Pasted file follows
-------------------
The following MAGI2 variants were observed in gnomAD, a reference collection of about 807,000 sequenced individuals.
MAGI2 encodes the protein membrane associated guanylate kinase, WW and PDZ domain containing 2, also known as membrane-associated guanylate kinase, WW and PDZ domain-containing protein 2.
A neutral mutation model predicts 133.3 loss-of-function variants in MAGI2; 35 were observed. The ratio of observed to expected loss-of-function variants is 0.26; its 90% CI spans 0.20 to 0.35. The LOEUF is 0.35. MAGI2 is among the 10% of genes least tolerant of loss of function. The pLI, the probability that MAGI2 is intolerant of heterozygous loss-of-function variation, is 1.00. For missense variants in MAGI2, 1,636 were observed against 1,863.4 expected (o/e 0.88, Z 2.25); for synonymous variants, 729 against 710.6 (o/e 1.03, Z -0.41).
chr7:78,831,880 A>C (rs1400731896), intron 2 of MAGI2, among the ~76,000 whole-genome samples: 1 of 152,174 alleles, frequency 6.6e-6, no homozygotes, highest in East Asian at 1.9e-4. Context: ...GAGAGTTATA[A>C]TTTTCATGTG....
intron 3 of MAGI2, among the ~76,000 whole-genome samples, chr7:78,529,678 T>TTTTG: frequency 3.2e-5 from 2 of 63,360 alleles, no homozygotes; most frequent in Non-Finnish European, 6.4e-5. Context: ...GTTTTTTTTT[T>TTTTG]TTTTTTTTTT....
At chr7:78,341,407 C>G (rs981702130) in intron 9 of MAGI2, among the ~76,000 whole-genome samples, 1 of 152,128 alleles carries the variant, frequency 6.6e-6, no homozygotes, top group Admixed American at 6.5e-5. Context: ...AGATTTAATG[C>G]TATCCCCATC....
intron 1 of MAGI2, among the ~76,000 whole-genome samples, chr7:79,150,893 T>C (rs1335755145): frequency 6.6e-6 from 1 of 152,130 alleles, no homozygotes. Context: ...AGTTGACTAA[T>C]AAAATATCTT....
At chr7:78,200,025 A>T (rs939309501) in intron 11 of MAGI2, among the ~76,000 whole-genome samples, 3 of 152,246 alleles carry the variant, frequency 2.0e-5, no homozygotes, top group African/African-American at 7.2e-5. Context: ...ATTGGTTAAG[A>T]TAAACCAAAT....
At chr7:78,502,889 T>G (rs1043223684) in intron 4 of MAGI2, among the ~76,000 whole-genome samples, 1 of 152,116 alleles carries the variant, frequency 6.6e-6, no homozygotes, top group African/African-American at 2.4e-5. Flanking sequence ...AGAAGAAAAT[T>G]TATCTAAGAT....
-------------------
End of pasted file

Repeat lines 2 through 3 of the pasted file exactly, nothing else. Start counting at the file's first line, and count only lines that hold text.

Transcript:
MAGI2 encodes the protein membrane associated guanylate kinase, WW and PDZ domain containing 2, also known as membrane-associated guanylate kinase, WW and PDZ domain-containing protein 2.
A neutral mutation model predicts 133.3 loss-of-function variants in MAGI2; 35 were observed. The ratio of observed to expected loss-of-function variants is 0.26; its 90% CI spans 0.20 to 0.35. The LOEUF is 0.35. MAGI2 is among the 10% of genes least tolerant of loss of function. The pLI, the probability that MAGI2 is intolerant of heterozygous loss-of-function variation, is 1.00. For missense variants in MAGI2, 1,636 were observed against 1,863.4 expected (o/e 0.88, Z 2.25); for synonymous variants, 729 against 710.6 (o/e 1.03, Z -0.41).